Researchers at Syracuse University have determined that glaciers once covered a much larger area of Antarctica than originally thought, suggesting that Earth's climate system is capable of rapid shifts. Looking at sediments from marine deposits and rock sources on Seymour Island, Syracuse University Professors Linda C. Ivany and Scott D. Samson along with colleagues at the University of Leuven in Belgium and Hamilton College found evidence that glaciers once covered extensive parts of the West Antarctica ice sheet. Previously, scientists had assumed that glaciers were confined to the eastern part of Antarctica, where the biggest ice sheet is today. The findings are significant because they suggest that the climatic response to the drop in greenhouse gas concentrations in the atmosphere 34 million years ago was greater than initially believed.

Antarctica is melting finds study.
The Antarctic ice sheet continues to shrink according to a NASA study released last week. Using data from the Gravity Recovery and Climate Experiment (GRACE) scientists concluded that Antarctica's ice sheet decreased by about 152 cubic kilometers annually from April 2002 to August 2005, or about 36 times the annual amount of water used by the city of Los Angeles, or 3 months of total water consumption in the United States.

Snow in Antarctic not falling to counter sea level rise.
The most precise record of Antarctic snowfall ever generated shows there has been no real increase in precipitation over the southernmost continent in the past half-century, even though most computer models assessing global climate change call for an increase in Antarctic precipitation as atmospheric temperatures rise.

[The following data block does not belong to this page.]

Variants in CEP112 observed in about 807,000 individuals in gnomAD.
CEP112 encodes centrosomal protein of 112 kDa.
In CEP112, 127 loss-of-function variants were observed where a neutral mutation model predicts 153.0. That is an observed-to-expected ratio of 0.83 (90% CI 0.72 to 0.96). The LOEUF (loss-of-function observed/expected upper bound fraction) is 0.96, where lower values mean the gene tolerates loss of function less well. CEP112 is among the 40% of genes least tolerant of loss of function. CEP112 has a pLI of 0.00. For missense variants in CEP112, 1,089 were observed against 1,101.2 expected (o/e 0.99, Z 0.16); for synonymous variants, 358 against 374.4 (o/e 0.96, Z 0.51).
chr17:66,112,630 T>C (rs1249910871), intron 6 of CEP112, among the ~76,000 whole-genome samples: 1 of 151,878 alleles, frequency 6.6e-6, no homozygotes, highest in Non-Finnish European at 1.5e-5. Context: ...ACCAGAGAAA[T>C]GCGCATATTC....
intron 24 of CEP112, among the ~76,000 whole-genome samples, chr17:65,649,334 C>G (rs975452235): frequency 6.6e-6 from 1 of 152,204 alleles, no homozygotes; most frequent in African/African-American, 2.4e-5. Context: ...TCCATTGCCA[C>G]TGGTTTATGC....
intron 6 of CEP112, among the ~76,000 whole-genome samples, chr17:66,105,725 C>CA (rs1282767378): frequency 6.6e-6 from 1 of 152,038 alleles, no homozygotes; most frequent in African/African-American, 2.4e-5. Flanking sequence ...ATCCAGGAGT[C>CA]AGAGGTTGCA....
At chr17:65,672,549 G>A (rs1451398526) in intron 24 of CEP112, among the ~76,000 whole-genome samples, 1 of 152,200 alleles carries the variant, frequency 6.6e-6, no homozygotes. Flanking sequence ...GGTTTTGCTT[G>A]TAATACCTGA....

Number of tourists visiting Antarctica surges over past decade.
The number of sightseers visiting Antarctica has surged 308 percent since 1992 according to figures released in a report by the UN. For the 2004-2005 year, more than 27,000 people visited the icy continent. In coming years, tourists may be increasingly drawn to the remote landscape as it faces the looming threat of global warming which could significantly impact its glaciers, wildlife, and ice flows. In 2002, scientists found that parts of Antarctica had warmed 1.5°C, while earlier this year, researchers reported in the Arctic, sea ice has decreased by about 8%, or more than 380,000 square miles, over the past 30 years and the ocean could have ice-free summers within a century. The sea could Antarctica could face a similar fate.

Long-term cooling driven by Antarctica, not glaciers in Northern Hemisphere.
Researchers from Brown University have reconstructed 5-million years of climate using tiny marine fossils found in mud off the coast of South America. The climate record unearthed by the Brown team is the longest continuous record of ocean temperatures on Earth.

This article is based on a news release from Syracuse University.

Recommend this article? Comments?
>Digg this article | >Hugg this article | Contact

News options

CITATION: (August 25, 2006).

Climate change caused dramatic changes in Antarctica 14 million years ago.